The Secretariat’s anti-corruption programme aims to encourage and facilitate the implementation of anti-corruption laws within the Commonwealth. It also aims to ensure that domestic institutions, such as anti-corruption commissions, are properly empowered and resourced to enforce those laws.
A number of workshops, to build expertise and the ability of countries to combat corruption, have been organised across the Commonwealth; including Bangladesh, India, Kenya, Namibia, Nigeria and Swaziland. Technical assistance programmes have also been held in Kenya, Swaziland and the Pacific Islands region.
Following the events of 11 September 2001, Heads of Government on 25 October 2001 condemned acts of terrorism. In 2002 Heads of Government adopted a Commonwealth Plan of Action on Terrorism (CPAT), which called for assistance to be provided by the Secretariat to member states to combat terrorism.
Based on that mandate, the long term Counter-Terrorism project commenced in 2002 and focused on:
Strengthening the Criminal Justice System
The Criminal Law Section has launched an initiative on “Strengthening the Criminal Justice System” which encompasses our mandates on prosecution disclosure obligations, alternative sentencing and assisting and protecting victims and witnesses. It also includes sections on corruption and human trafficking.
The Criminal Law Section launched a comprehensive prosecution training programme for senior to middle level prosecutors from prosecution/attorney generals departments. The programme includes an 8 week interactive web-based component, a 4 day intensive face-to-face seminar and a 12 month mentoring programme, which begins at the completion of training.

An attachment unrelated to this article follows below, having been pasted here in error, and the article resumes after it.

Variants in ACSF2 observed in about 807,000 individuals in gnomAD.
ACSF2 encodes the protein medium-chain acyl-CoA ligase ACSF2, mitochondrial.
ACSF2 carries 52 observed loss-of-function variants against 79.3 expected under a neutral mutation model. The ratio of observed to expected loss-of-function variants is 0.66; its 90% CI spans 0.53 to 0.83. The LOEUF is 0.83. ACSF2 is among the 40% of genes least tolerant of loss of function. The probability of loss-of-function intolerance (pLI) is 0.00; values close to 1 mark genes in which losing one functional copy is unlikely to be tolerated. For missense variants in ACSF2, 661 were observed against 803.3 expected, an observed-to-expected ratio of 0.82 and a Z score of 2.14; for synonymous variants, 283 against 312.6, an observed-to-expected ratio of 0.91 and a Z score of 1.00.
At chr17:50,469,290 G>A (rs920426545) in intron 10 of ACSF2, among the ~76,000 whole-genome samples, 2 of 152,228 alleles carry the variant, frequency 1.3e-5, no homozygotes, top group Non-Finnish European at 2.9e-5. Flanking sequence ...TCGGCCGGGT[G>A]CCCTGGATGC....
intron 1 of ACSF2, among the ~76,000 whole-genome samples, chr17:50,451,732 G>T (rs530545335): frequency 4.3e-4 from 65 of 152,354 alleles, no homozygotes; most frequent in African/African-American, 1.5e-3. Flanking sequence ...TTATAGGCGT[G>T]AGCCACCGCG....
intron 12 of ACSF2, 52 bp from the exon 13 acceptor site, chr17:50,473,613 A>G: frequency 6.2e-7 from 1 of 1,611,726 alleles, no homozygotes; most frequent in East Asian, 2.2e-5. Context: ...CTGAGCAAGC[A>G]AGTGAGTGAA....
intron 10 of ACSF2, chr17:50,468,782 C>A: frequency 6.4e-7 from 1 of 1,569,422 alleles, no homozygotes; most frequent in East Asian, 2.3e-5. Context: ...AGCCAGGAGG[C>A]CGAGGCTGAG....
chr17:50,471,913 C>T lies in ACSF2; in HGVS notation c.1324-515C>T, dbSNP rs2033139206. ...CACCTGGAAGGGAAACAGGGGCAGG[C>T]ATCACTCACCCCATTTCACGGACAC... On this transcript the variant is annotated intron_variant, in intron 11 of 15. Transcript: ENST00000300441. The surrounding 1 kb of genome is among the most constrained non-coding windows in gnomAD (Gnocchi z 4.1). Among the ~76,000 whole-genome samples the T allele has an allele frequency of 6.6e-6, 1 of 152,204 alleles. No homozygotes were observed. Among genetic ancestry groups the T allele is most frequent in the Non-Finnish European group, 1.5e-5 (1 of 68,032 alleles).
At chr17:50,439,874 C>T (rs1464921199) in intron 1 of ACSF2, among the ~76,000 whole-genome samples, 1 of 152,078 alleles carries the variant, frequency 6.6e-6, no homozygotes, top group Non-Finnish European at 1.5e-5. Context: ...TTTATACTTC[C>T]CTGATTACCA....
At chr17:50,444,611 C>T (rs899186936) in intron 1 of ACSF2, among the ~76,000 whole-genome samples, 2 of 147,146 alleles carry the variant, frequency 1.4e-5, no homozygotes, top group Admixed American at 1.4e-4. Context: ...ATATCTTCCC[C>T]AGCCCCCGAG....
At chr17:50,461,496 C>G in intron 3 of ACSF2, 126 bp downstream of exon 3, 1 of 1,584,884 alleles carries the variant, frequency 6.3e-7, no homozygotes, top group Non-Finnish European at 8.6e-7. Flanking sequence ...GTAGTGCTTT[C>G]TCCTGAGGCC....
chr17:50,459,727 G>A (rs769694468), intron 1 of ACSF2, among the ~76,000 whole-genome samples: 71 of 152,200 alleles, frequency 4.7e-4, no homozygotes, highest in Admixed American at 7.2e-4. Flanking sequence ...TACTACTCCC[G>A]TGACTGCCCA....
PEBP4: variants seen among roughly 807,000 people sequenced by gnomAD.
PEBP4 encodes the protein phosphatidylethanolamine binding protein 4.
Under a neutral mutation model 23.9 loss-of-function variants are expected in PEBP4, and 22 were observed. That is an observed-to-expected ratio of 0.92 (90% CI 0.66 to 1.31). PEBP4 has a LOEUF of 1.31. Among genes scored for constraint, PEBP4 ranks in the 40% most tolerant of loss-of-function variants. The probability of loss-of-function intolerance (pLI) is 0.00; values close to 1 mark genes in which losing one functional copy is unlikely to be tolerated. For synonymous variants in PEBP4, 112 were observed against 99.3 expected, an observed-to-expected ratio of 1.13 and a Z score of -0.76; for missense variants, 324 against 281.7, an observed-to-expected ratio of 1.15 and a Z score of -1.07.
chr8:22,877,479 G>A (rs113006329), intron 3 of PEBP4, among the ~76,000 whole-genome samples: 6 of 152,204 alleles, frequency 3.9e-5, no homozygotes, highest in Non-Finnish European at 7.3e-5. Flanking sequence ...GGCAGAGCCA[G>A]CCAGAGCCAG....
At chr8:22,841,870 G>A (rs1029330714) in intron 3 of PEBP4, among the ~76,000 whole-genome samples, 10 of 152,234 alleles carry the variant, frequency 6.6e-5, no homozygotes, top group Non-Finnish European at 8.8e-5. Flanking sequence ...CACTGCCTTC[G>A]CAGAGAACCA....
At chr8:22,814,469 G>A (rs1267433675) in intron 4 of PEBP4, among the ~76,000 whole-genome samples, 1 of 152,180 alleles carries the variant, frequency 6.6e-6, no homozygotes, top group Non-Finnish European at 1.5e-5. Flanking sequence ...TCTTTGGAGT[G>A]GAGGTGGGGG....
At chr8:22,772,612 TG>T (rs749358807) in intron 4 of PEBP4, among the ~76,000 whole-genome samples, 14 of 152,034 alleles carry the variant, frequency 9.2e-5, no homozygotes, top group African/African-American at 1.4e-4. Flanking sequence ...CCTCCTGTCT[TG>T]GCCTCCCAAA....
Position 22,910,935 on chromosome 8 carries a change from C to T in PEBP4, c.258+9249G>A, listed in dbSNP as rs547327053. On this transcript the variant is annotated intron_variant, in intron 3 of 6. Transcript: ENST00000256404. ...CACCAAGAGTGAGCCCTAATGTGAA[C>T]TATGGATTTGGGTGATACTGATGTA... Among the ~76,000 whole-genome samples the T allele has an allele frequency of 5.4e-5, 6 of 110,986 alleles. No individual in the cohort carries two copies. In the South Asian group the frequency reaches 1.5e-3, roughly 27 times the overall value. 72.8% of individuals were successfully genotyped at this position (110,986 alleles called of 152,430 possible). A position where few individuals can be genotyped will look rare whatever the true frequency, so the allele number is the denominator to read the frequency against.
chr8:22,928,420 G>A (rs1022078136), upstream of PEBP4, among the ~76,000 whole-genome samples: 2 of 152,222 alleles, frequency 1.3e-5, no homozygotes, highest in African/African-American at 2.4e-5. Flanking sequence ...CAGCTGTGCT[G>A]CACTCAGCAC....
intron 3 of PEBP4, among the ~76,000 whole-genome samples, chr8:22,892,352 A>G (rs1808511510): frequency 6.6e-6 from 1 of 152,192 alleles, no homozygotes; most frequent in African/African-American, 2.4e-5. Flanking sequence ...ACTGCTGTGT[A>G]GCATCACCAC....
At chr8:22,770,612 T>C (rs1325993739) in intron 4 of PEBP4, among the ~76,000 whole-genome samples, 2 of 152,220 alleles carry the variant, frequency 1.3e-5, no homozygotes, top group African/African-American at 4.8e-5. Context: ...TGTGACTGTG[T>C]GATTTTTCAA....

Our training courses across the Commonwealth give lawyers skills to draft legislation effectively thereby strengthening democracy and the rule of law across the 54 member states.
In December 2008, with the cooperation of the International Red Cross and Red Crescent Movement, we published a Special Issue of the Commonwealth Law Bulletin on International Humanitarian Law. We also work closely with the movement to ensure widespread dissemination of IHL laws, rules and principles across the Commonwealth.
In May 2008, we organised a regional seminar on Constitutional and Administrative law for the Caribbean region which was based on a multi-stakeholder approach, bringing together judges, officials and academics to discuss and develop solutions relating to the growing role of the Caribbean Court of Justice and the implications of the jurisprudence of this Court.
Improving efficiency of courts
The most serious consequence of the backlog of criminal cases is the detention of people awaiting trial, who can be held in custody for a substantial period of time before their case is determined.
Another consequence of the backlog is that it discourages commerce and scares investors away, making it important to improve case flow management.
The Secretariat helped improve court efficiency in Swaziland. This was done by training: magistrates to increase their ability to determine more cases, court personnel to increase their efficiency and legal drafters through mentors.
Raymond Nelson, who conducted the training for magistrates and registrars from Swaziland said: “The training was extremely useful and helped reinforce and increase Swaziland’s magistrates’ and registrars’ knowledge of criminal and civil law.”
The draft Rules of Procedure are currently awaiting official approval. Once approved, training will be provided to the police on their use. Concurrently, a public information campaign to inform citizens of these procedures and their rights will be carried out.